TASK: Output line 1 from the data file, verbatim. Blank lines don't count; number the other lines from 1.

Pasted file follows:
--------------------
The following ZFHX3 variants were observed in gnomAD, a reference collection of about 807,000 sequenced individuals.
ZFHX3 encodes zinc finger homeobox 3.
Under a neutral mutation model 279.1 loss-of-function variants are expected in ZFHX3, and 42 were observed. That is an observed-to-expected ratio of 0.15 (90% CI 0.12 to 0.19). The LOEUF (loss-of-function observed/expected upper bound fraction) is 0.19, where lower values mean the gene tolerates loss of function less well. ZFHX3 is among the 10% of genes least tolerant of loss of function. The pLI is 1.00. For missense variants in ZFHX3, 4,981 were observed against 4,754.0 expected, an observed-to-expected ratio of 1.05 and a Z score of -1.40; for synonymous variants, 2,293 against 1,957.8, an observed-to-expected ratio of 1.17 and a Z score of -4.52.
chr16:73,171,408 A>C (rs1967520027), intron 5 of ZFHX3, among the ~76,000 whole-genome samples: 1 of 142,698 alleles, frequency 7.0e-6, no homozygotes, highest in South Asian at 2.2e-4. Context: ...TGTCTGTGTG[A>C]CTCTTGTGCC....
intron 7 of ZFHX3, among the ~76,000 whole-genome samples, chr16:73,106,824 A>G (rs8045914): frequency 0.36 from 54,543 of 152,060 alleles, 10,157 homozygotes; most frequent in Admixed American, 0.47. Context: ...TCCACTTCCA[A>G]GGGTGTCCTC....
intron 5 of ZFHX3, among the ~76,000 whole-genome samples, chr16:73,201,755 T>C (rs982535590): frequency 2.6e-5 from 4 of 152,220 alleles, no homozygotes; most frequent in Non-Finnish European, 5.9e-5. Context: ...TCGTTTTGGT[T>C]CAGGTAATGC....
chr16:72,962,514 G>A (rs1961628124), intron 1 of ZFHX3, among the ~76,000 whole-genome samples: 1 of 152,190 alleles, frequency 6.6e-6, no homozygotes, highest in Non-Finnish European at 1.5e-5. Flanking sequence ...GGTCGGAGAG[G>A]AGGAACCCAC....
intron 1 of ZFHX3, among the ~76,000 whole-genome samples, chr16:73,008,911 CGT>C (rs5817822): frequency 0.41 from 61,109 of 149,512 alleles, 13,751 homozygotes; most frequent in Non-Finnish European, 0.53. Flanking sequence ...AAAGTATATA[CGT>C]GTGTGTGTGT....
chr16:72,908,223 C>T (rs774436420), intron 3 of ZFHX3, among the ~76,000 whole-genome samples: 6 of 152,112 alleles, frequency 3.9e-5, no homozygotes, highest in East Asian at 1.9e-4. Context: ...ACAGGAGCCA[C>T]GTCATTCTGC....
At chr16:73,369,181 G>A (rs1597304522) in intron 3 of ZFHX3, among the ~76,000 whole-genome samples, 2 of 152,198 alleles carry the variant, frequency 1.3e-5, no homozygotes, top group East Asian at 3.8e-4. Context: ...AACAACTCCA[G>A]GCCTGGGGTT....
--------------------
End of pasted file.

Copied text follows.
The following ZFHX3 variants were observed in gnomAD, a reference collection of about 807,000 sequenced individuals.